We got an uber at 4.30am to the airport in Cairo and took an hour flight south to Aswan. We stayed for two nights in the Nubian village; a small, colourful place that Dave said looked like a nursery. We were shattered when we arrived so had a chilled day taking a felucca (traditional sailing boat) 2 hours up the Nile to the Aswan botanical garden island (only accessed by boat). We became avid bird watchers and saw pelicans and incredible Nile Kingfishers (who fly like hummingbirds)! The botanical garden was beautiful and peaceful and we enjoyed strolling through to meet our captain on the other side to take us back to the village. The next day we went to the Aswan high dam and saw the vastness of Lake Nasser. We visited the Tower of Syene and then later took a boat to Philae island where we walked round Philae temple. Aswan was sort of our relaxing couple of days where we spent time just sitting drinking tea or Limoon bel nana (lemonde with mint).
After our short stay in Aswan, we took a train 3 hours north to Luxor. Luxor is divided in to the East bank and the West Bank. The East is the lively part with shops, restaurants, museums and the 2 main temples. The West is very rural, mostly just farm land and then the mountains where you find the Valley of the Kings and Queens. We stayed on the West, it was quite a shock coming from Cairo (where we saw about 1 tree the whole week) to Luxor which was covered in lush greenery. We stayed in a little hotel where we were the only guests! We spent one day on the East bank where we mainly visited the two massive and impressive Karnak and Luxor temples. We also visited Luxor museum which, to our surprise, we really enjoyed. The descriptions on all the artefacts were brilliant and detailed, and we even saw a mummy (seriously grim but also insanely cool). Back at the hotel, we spent much of our 3 days chatting to the hotel’s neighbour; Efie. A 77-year old, originally Swiss woman who moved to Luxor 15 years ago. She was bonkers and fabulous in equal measure and told us so many incredible stories including recently marrying a very weak 20 year old village boy to save him from being sent to the army (she divorced him a few months later). She was just generally an awesome lady, she even showed us round her house. Oh, and did I mention she recently decided to tattoo her lip line green?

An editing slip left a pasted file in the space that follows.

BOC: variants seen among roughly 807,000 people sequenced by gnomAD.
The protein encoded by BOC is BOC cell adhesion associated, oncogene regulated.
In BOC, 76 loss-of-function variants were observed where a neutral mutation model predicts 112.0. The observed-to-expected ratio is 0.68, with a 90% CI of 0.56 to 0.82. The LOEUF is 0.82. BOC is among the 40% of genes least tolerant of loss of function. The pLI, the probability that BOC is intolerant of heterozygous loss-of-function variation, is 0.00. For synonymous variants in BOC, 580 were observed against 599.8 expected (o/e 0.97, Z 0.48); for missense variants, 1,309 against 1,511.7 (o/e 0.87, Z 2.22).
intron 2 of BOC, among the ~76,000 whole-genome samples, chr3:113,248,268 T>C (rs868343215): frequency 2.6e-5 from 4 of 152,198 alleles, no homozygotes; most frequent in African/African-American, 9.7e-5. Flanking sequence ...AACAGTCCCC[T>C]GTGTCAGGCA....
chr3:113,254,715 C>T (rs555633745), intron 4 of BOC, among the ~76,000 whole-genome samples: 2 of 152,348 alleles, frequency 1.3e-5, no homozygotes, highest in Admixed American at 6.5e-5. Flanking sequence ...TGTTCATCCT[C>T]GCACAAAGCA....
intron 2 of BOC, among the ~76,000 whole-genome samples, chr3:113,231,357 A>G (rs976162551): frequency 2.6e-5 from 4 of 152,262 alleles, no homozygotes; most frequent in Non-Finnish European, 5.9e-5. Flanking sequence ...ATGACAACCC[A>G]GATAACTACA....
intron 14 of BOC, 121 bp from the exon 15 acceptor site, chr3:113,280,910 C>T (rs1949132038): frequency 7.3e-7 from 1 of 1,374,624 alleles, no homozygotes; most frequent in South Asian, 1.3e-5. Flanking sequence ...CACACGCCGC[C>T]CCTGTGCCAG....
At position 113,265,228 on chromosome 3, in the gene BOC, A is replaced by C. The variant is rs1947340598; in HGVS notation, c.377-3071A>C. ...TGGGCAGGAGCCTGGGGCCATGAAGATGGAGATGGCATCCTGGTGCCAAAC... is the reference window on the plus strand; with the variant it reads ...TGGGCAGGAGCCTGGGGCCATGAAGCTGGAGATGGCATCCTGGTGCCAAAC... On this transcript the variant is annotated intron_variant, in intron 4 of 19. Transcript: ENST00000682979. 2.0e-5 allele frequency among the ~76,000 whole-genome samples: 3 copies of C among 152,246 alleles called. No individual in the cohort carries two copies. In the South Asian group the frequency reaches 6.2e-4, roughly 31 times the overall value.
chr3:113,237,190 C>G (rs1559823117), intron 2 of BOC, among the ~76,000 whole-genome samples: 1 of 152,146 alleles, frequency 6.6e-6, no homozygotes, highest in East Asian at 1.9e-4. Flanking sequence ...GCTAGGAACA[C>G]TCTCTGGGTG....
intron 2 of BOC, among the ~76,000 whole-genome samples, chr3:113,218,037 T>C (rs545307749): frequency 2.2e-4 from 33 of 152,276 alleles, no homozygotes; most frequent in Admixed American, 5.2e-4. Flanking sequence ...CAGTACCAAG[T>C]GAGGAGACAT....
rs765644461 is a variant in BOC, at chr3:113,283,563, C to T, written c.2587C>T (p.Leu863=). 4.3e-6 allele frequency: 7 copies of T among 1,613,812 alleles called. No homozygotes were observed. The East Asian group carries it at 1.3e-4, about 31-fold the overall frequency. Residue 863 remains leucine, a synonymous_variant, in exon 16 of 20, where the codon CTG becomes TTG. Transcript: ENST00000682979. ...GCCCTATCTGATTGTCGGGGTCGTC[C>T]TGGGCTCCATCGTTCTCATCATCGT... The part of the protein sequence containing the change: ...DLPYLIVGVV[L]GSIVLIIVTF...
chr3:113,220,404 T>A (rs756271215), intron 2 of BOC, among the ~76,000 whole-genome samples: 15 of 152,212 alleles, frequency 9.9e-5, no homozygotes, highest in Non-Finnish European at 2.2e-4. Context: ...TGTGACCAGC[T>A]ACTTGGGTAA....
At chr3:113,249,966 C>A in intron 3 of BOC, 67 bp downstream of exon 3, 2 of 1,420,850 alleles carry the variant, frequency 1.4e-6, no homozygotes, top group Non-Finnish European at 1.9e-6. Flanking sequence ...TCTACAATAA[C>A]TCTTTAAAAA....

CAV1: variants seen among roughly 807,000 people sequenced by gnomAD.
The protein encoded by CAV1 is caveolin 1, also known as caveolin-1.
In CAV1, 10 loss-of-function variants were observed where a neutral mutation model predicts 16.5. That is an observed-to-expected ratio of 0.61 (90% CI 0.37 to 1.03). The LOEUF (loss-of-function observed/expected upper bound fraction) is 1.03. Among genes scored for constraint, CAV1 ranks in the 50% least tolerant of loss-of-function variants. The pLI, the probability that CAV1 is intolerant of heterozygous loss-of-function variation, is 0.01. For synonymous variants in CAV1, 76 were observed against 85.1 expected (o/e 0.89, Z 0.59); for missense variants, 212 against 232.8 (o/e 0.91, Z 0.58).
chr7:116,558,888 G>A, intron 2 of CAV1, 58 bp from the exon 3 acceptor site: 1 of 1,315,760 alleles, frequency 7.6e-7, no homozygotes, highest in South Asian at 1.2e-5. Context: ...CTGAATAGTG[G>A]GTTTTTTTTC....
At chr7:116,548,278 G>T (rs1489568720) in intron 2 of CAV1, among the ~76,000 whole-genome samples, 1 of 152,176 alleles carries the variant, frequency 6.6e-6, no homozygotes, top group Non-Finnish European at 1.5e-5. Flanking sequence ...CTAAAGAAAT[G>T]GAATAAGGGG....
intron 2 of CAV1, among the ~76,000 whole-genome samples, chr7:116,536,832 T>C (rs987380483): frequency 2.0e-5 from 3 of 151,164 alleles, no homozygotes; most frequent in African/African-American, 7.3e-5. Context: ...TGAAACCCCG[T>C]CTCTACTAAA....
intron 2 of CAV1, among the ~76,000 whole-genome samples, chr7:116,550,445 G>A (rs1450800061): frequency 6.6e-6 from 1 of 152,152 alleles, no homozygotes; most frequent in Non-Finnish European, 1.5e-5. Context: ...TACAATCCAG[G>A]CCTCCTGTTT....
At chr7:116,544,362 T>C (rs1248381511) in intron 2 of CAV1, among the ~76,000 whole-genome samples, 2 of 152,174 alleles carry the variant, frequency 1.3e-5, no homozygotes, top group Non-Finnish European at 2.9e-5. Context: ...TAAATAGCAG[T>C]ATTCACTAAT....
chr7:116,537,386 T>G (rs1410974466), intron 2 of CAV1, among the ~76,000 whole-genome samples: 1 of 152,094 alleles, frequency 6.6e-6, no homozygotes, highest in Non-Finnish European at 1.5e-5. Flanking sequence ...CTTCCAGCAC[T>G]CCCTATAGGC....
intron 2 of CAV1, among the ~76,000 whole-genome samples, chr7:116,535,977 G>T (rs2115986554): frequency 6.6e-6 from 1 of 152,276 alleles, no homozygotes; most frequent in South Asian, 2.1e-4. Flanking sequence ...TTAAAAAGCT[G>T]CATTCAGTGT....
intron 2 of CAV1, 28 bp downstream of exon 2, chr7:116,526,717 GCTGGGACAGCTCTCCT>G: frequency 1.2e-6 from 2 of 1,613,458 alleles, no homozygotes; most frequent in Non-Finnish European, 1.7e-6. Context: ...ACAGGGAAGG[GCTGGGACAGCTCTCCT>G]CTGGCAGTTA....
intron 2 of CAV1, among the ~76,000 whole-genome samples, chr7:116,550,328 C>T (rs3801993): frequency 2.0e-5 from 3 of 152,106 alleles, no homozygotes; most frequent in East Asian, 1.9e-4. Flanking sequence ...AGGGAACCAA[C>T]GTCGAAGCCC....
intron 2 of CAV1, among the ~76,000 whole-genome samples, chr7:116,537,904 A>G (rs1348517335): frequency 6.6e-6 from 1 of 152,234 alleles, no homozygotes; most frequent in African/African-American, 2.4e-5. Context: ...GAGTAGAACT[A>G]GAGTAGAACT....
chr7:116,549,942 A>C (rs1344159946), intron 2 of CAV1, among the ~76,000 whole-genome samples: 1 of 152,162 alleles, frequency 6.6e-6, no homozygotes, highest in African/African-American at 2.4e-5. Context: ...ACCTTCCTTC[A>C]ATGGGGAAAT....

Back to cultural things… on the West Bank we went to the Valley of the Kings where there are 64 tombs, we visited Ramses IV, Ramses IX and Merenptah. Ramses IV was the most spectacular with vibrant colourings on the walls still intact throughout the tomb. We then drove on, past Howard Carter’s house, and past many archeologists still at work! We went to the Temple of Queen Hatshepsut. The Queen is depicted with the features of a man (beard, large body) to show how powerful she was, as strong as the Kings.
We also went to Valley of the Queens where there are over 25 tombs but most are unknown who they belong to. The most famous tomb in the valley is that of Nefertiti but the entrance fee was £50 each so we didn’t go. We went to three different tombs instead where their colour was even better preserved that what we’d seen in the King’s Valley. It’s genuinely mind blowing that these tombs are over 3000 years old.
Our final temple was Habu temple where all the hieroglyphics and images are etched deeper in to the stone than usual, apparently because Ramses III feared the temple would be destroyed and the stones re-used.
So, that is the end of Egypt! We do have a little video of our time here. Our plan is to have a video for each of our twenty countries that we can make in to a film and watch back 20 years in the future! Stay tuned to see if the wifi prevails long enough to let us upload it… We are off to India later tonight for the next month!
Thanks for reading,
Sophie (entirely) & Dave
Temple of Queen Hatshepsut
Aswan High Dam Monument
Aswan Botanical Garden
Obelisk, Karnak Temple
Aswan Dam/Lake Nasser